Opinions vary about the impact of the Jan. 25 revolution on the progression, and the potential emancipation, of Egyptian theatre. Some believe that the revolution has pushed theatremakers to break rules and defy the authorities; others believe that there is no discernable difference between the pre– and post–Jan. 25 Egyptian performance worlds.
“There was plenty of anger, plenty of frustration, in the works staged at the end of last decade,” Sabet points out. “But that became redundant. The revolution gave theatremakers more angles to tackle these problems from.”
“The street visuals that were taking over public spaces all over the city had a major impact on theatre,” Basiouny notes. “People felt they had something to say, and they knew they could finally say it. It was exciting to see so many things happening—we went through something major and amazing and magical, and artists wanted to capture some of this magic for those who were not part of it. It opened a great doorway for expression. The quality of the works left a lot to desired, but the joy of the whole affair carried them through.”
Basiouny describes the revolutionary experience, centered in Tahrir Square, as “lovely chaos,” adding, “When you’re down the street marching and chanting, the fear barrier breaks. That’s what we witnessed in everything afterwards—in journalism, arts, civil society. Things were also somewhat clear; we knew who was with us and who was against us at the time.”
A prominent figure in the post-revolution theatre is another AUC alumni, Laila Soliman, who spent the earlier part of her career adapting foreign texts by such writers as Harold Pinter, Naomi Wallace and Frank Wedekind. It wasn’t until after Jan. 25 that Soliman found her voice, according to Basiouny, when she started creating No Time for Art, a series of plays based on the military trials of that time. Her brand of verbatim/documentary theatre resulted in five performances that were met with high acclaim and traveled the world over. Not only did Soliman use direct testimonials of detainees, she employed performers who reenacted their own experiences of being in prison.
But the sense of victory and jubilation informing the plays that were made in the immediate wake of Jan. 25 is now dead, replaced by an atmosphere of fear, uncertainty and confusion. The hope that all censorship would be abolished after Jan. 25 soon dissipated, with the election of Mohamed Morsi and the shor
t reign of the Muslim Brotherhood.
In the months after January 2011, two performances were canceled by different censors: The Choir Project, a musical by Alexandrian artist Salam Yousry modeled on the Finnish Complaints Choir, about a church group that was suspended by the military for criticizing the Supreme Council of Armed Forces, the media and hypocritical religious institutions; and BuSSy, inspired by Eve Ensler’s The Vagina Monologues, that was suspended by the state-owned Artistic Creativity Center for presenting content deemed too risqué by theatre supervisors (it was later performed at D-CAF 2012).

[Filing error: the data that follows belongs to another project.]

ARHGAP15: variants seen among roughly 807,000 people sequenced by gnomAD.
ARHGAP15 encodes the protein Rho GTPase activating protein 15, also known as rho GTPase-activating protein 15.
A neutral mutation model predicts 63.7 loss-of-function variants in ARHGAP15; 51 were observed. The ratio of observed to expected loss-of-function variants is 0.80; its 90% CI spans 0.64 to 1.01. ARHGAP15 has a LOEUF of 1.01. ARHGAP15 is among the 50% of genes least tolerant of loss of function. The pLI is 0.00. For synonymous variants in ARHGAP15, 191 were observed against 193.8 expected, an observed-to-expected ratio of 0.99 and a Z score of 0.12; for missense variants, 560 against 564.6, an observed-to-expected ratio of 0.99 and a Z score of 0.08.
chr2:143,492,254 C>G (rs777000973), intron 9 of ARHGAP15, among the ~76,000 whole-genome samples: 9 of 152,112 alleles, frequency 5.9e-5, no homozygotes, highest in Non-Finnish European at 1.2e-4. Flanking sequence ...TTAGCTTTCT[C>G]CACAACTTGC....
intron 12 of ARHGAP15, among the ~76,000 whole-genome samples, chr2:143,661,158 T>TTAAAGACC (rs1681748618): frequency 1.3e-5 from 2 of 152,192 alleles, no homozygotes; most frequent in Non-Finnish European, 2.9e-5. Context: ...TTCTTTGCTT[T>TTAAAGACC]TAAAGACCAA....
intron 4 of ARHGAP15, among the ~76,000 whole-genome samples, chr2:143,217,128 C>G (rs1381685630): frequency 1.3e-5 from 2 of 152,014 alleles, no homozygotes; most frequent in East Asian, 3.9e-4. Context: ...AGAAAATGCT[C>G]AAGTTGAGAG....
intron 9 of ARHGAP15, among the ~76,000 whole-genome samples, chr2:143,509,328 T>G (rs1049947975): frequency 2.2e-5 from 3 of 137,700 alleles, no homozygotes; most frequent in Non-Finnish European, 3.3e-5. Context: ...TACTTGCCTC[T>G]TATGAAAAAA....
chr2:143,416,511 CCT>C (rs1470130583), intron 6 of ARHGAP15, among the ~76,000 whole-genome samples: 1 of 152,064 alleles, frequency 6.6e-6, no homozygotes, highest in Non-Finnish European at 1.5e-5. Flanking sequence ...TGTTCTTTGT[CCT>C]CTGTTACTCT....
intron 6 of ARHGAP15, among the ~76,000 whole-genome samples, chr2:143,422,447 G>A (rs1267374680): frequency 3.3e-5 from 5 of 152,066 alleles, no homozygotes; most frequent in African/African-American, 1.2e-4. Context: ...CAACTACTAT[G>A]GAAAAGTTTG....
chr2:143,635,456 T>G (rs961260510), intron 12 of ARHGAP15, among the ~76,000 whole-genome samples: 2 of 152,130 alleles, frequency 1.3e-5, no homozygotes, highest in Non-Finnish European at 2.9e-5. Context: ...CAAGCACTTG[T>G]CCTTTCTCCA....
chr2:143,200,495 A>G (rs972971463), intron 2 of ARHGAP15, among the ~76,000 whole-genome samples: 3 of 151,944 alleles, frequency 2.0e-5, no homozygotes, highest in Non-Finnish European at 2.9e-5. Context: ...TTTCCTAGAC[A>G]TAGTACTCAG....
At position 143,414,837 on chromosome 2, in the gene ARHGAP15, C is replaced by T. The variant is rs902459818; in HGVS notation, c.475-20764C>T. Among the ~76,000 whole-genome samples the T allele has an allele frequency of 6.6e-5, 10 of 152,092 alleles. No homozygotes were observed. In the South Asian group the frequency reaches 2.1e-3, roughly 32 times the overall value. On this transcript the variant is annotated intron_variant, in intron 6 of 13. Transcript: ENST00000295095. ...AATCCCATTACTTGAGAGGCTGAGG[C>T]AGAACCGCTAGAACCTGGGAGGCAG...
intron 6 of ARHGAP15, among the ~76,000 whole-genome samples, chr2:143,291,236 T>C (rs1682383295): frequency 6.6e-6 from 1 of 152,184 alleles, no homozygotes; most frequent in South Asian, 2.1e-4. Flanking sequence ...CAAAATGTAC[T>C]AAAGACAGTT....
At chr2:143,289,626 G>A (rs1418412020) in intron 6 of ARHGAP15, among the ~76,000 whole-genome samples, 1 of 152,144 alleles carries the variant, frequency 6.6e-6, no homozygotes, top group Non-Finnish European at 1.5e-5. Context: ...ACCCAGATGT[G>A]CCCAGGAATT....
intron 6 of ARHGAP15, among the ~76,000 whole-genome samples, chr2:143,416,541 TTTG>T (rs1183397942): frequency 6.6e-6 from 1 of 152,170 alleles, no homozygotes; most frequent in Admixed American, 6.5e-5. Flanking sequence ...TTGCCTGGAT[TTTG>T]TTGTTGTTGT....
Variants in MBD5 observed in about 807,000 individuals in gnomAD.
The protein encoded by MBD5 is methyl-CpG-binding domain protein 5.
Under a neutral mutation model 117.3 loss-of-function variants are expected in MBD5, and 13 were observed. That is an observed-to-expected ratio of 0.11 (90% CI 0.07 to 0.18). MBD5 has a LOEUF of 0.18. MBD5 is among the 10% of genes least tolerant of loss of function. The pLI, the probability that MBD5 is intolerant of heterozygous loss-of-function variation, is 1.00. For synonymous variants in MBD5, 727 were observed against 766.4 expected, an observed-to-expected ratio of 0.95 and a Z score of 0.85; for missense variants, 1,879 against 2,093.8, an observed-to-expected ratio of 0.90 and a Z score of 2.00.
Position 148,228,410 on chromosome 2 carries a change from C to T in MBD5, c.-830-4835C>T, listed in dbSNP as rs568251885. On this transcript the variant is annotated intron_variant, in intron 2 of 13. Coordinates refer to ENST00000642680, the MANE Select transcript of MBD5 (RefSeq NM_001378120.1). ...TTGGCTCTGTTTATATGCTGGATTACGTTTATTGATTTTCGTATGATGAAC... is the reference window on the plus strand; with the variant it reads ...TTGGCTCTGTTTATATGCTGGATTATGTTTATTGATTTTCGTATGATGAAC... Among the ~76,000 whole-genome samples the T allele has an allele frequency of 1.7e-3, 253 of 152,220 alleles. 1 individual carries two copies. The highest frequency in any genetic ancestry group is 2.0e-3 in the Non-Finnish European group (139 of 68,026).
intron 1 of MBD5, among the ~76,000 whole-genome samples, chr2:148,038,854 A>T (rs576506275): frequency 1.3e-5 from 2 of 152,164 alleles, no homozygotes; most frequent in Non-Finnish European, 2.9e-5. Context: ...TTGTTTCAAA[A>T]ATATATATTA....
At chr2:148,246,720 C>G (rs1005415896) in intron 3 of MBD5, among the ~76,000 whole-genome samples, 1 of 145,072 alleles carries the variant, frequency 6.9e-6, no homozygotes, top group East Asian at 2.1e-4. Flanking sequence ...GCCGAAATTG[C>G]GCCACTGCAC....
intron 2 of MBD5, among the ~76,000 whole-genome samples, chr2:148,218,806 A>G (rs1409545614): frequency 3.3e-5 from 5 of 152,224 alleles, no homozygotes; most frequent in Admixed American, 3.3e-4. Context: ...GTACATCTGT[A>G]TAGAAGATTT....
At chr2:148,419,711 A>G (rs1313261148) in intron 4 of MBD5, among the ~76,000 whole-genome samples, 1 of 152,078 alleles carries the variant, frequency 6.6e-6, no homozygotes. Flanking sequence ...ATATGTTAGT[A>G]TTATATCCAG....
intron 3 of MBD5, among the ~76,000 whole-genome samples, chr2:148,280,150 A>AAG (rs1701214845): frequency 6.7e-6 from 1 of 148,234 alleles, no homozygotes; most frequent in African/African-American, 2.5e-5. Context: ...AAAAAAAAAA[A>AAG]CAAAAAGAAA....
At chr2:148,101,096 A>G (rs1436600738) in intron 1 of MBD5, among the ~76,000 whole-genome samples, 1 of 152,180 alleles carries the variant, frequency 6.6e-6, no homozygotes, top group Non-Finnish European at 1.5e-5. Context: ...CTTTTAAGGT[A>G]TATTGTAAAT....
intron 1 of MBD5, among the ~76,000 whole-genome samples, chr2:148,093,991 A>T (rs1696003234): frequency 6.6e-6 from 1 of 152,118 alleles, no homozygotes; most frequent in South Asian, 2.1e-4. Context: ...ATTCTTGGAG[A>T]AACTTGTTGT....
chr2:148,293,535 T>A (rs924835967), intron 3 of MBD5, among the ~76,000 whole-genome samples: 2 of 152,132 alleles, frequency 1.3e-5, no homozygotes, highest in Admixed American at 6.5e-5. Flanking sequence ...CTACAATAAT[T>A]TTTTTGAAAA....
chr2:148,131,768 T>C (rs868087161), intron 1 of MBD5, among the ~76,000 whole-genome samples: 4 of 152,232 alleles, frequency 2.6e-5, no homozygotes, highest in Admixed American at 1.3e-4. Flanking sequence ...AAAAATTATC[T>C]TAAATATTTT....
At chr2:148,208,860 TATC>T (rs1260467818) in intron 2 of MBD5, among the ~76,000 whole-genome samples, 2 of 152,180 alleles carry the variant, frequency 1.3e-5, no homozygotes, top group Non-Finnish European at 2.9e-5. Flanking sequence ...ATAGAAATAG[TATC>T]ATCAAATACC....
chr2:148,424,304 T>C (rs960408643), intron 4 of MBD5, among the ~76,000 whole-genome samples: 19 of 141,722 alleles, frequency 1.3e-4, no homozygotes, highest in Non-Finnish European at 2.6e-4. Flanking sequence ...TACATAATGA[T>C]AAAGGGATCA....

“The Muslim Brotherhood reign was an interesting time,” Basiouny allows. “We were constantly on guard, expecting them to clamp down on the arts. But that really never happened. They were busy with other things. They were eventually going to get us, though.”
Despite the present volatile political situation, more independent theatre schools have begun opening up in Cairo, and new independent regional and international festivals could point the way to a progressive future for Egyptian theatre. Yet questions of censorship and freedom of expression continue to loom over the nation’s artistic life. Today, criticizing the military or defending the recently overthrown Muslim Brotherhood is a major taboo for all artists. There is no tolerance for anyone deviating away from the dominant narrative the state is promoting. The lofty ideals of Jan. 25 have become nothing but a pipe dream. In El Attar’s estimation, “The margin of freedom gained from Jan. 25 has been rapidly eroding since last July.”
“The worst form of censorship is self-censorship,” Basiouny chimes in. “The problem now is that it’s not just one body that enforces censorship—it’s the whole society. The censorship is strongly backed by the people. There are people out there who would volunteer to punish you if you attack their ‘savior.’ You’re dealing now with 50 million censors, not just one.”
Despite the fact that the revolution has ushered in a second round of censorship, Basiouny remains hopeful for the future. “I’m an annoyingly optimistic person,” she admits. “I would like to believe that the dark forces will not conquer us. But I also know that these are very tricky times.”
Joseph Fahim was the arts and culture page editor for the English-language Daily News Egypt until the publication’s demise in 2012. He is currently the program director of the Cairo International Film Festival.
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